PDA

View Full Version : Onsite Ph tests


GWhunter
03-16-2012, 03:11 PM
Does anyone use an electronic Ph tester? I know I could send in samples to Umass and they'd be more comprehensive. But I'm looking for a quick accurate Ph monitor. It'd be nice to have a idea on Ph before appling lime.

Matt

agrostis
03-16-2012, 06:56 PM
If you are going to use a handheld meter, use this - http://www.google.com/search?q=kelway&rls=com.microsoft:en-us&ie=UTF-8&oe=UTF-8&startIndex=&startPage=1&rlz=1I7GPCK_enUS320#hl=en&sugexp=cfis&gs_nf=1&pq=kelway&cp=8&gs_id=7&xhr=t&q=kelway+Ph+meter&pf=p&sclient=psy-ab&rls=com.microsoft:en-us&rlz=1I7GPCK_enUS320&oq=kelway+P&aq=0&aqi=g4&aql=f&gs_sm=&gs_upl=&gs_l=&pbx=1&bav=on.2,or.r_gc.r_pw.,cf.osb&fp=c7a6dd9d45cf3b87&biw=1024&bih=745
It will get you close but you still should send in a soil sample for professional analysis.

RigglePLC
03-16-2012, 11:42 PM
If you are looking for a low price. The garden store type may be adequate. Compare it with a known soil to be sure it is working to your satisfaction.
http://www.amazon.com/dp/B006NWJAYQ/ref=asc_df_B006NWJAYQ1865448?smid=ATVPDKIKX0DER&tag=nextagus0019651-20&linkCode=asn&creative=395093&creativeASIN=B006NWJAYQ

GWhunter
03-17-2012, 09:15 AM
I picked up a cheapy the other day and it doesn't seem to work at all. It reads 8 no matter what it's in. I'm sure it's acidic soil since there's a bit of moss scattered around it. Lots of oak leafs were mulched into the lawn last year along with over fert. I was thinking of hitting it with fast acting lime and then pelletized. Mostlikely OS with fescue an PR.

Matt

Hineline
03-17-2012, 10:17 AM
I broke 2 of the cheapies last year trying to get it into hard soil. Make sure you use a screwdriver to loosen the ground first. I'm going with a Kelway this year.

RigglePLC
03-17-2012, 11:42 AM
Do not assume moss is a result of acid soil. That is mainly an old wives tale. Same for oak leaves causing acid soil. Perhaps you soil has been overlimed in the past to try to get rid of moss.
Most moss is a result of shade conditions.

My cheap pH meters work fairly well.

Check the pH of beer--should be mildly acid--and the same brand should not vary. The brewry is careful about that. And now that you needed it for calibration--the expense is a business expense--tax deduction.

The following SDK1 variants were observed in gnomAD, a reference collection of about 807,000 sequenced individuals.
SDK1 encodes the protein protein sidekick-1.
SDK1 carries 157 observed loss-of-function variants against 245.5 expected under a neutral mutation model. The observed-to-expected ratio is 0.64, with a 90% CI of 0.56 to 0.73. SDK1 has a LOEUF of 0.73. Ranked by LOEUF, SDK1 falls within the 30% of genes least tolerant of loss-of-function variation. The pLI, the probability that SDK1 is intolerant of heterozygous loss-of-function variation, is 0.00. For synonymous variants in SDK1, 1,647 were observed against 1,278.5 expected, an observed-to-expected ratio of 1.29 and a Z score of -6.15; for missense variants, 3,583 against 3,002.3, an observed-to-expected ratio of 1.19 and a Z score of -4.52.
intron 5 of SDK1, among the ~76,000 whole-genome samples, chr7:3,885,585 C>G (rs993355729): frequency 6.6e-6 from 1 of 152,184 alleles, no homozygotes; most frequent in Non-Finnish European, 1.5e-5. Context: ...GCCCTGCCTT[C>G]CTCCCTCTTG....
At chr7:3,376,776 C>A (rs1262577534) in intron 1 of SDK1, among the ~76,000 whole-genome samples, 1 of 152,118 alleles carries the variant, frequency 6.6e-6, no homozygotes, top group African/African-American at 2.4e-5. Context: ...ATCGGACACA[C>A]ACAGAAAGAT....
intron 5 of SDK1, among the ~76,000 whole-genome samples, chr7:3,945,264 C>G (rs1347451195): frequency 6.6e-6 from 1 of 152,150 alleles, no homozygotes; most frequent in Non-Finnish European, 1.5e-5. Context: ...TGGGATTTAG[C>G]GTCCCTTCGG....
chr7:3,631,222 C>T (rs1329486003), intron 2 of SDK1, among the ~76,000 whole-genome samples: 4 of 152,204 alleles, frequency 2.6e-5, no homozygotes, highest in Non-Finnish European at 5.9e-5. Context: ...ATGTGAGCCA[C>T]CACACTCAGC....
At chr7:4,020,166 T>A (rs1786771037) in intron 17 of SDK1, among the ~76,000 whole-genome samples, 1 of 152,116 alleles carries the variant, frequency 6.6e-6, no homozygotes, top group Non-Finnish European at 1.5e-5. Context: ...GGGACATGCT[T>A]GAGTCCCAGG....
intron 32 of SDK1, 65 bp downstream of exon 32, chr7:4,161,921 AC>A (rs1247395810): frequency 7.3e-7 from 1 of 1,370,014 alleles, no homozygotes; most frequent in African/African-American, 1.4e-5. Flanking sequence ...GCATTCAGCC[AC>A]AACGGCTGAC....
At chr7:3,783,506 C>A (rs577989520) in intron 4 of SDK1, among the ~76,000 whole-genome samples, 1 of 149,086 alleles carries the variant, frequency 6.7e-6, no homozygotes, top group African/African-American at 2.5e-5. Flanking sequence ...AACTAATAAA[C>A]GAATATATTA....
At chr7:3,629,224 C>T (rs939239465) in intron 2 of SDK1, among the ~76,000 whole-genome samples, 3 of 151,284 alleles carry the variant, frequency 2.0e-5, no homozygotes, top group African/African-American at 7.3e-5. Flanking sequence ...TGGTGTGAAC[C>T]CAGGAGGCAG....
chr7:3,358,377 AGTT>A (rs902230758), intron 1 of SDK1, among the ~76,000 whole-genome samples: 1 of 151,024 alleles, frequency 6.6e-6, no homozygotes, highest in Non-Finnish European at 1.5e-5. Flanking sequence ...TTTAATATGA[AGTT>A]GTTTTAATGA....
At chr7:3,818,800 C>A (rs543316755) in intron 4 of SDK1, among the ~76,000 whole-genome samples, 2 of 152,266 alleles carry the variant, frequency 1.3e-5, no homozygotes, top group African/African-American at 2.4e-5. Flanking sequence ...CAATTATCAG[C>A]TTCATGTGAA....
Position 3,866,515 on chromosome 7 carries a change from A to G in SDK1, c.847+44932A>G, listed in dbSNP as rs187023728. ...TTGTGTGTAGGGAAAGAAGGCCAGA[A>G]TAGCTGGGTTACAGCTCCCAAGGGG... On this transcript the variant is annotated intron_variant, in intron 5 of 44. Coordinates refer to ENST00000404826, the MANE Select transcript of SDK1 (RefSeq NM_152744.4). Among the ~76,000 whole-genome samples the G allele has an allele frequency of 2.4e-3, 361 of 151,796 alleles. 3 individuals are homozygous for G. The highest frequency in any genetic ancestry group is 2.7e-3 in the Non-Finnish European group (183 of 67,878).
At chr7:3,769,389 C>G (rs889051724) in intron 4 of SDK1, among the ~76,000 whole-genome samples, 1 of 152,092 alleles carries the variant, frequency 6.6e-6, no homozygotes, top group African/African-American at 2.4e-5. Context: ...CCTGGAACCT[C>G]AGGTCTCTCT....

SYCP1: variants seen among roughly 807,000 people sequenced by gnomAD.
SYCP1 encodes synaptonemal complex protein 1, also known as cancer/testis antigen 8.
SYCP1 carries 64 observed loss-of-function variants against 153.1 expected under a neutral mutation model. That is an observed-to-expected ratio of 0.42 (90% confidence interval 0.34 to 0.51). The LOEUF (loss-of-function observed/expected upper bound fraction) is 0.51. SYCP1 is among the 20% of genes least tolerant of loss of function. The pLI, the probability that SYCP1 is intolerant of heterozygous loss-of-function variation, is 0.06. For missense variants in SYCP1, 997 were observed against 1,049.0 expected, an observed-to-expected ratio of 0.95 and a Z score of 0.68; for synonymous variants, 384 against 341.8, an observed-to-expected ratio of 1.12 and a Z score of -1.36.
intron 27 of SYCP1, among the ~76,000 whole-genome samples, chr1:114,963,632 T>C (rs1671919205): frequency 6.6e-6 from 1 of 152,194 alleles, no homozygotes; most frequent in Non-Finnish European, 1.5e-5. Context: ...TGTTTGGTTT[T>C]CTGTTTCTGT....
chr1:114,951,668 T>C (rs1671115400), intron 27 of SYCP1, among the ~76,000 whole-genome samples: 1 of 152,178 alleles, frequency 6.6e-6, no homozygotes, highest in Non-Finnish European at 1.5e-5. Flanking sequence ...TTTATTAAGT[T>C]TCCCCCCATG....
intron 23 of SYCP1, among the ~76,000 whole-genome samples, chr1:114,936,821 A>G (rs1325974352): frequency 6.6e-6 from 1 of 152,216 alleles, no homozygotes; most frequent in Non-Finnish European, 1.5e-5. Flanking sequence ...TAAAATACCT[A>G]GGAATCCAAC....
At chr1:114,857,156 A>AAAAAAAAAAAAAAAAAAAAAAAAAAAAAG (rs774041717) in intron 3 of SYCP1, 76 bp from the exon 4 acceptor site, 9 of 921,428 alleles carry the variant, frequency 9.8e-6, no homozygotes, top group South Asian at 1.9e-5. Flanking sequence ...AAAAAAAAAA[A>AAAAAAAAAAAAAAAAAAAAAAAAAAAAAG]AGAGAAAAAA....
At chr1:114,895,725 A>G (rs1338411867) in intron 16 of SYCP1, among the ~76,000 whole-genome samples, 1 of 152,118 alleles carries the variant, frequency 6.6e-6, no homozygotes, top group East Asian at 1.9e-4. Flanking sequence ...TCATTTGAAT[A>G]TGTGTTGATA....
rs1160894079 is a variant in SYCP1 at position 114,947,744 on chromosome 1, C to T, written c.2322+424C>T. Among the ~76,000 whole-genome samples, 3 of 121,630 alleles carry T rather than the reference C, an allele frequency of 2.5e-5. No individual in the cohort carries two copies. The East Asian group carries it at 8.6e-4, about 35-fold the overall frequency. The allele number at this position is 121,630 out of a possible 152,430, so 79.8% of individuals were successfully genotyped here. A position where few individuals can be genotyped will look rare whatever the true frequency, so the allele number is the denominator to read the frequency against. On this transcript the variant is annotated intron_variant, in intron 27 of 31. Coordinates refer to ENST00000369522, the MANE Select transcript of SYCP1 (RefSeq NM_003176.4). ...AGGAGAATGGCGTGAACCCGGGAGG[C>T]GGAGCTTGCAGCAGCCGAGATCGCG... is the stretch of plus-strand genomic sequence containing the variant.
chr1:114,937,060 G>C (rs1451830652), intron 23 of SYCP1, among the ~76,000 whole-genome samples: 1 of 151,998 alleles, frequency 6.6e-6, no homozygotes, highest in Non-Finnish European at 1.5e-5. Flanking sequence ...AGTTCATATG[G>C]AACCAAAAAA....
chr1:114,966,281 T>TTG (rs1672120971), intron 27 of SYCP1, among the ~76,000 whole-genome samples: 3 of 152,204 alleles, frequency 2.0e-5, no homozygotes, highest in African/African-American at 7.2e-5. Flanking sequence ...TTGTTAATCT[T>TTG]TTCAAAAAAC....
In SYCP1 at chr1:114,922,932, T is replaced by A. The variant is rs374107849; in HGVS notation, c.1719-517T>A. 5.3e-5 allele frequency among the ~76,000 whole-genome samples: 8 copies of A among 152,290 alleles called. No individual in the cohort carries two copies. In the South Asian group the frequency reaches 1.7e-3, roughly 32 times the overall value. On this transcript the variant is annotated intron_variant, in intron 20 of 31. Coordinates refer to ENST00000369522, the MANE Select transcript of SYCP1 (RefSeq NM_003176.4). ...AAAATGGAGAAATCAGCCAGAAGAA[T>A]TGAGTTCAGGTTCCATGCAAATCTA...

Matter of fact, be sure to use your wife in your photographs for your sales flyers. So the cute clothes and hairdo she needs are tax write-offs. Business expense.

Let us know the acid level of your favorite brand.

Kiril
03-17-2012, 11:50 AM
I have a kelway, not that accurate and therefore gets little to no use.

@OP .... you need to get the soil tested to know how much and what type of lime to apply. Anything less is irresponsible and begging for trouble.

Riggle, get a calibration standard (buffer solution) if you want to check your meter.

Hineline
03-17-2012, 01:17 PM
What is the variance on the Kelway compared to a lab analysis and is that variance pretty standard meaning it's typically a few clicks lower or higher than lab results.

Kiril
03-17-2012, 01:55 PM
What is the variance on the Kelway compared to a lab analysis and is that variance pretty standard meaning it's typically a few clicks lower or higher than lab results.

I have seen as much as 1 pH unit difference.

Hineline
03-17-2012, 02:19 PM
I can't test everyone of my customers at a lab. Is there an on-site that you would recommend?

Kiril
03-17-2012, 02:34 PM
I can't test everyone of my customers at a lab. Is there an on-site that you would recommend?

That depends on how accurate you need it to be, how much money you have to burn and how much time you want to spend testing.

I use the FieldScout SoilStik (http://www.specmeters.com/nutrient-management/ph-and-ec-meters/ph/soilstik/) for a fast and dirty method that won't break the bank and produces fairly accurate results when compared to lab numbers (~ +/- 0.3 pH units). In order to use this as a fast and dirty tool, you need a core sampler and a dispenser bottle with distilled water, and obviously buffer solutions.

Hineline
03-17-2012, 02:59 PM
That depends on how accurate you need it to be, how much money you have to burn and how much time you want to spend testing.

I use the FieldScout SoilStik (http://www.specmeters.com/nutrient-management/ph-and-ec-meters/ph/soilstik/) for a fast and dirty method that won't break the bank and produces fairly accurate results when compared to lab numbers (~ +/- 0.3 pH units). In order to use this as a fast and dirty tool, you need a core sampler and a dispenser bottle with distilled water, and obviously buffer solutions.

Data hold??? How much data? I can handle 0.3 variance. I'm looking for numbers below 6 anyway. Goin shoppin.

agrostis
03-18-2012, 06:33 PM
I am going to try one of those. They look a lot more accurate than the kelway.

RigglePLC
03-18-2012, 09:01 PM
And do not forget pH papers. Old reliable technology. Inexpensive. You wet the paper with the soil--adding a bit of distilled water as needed. Watch for color change and compare color result to color chart to find pH value. Approximate.

http://www.enasco.com/product/C08834N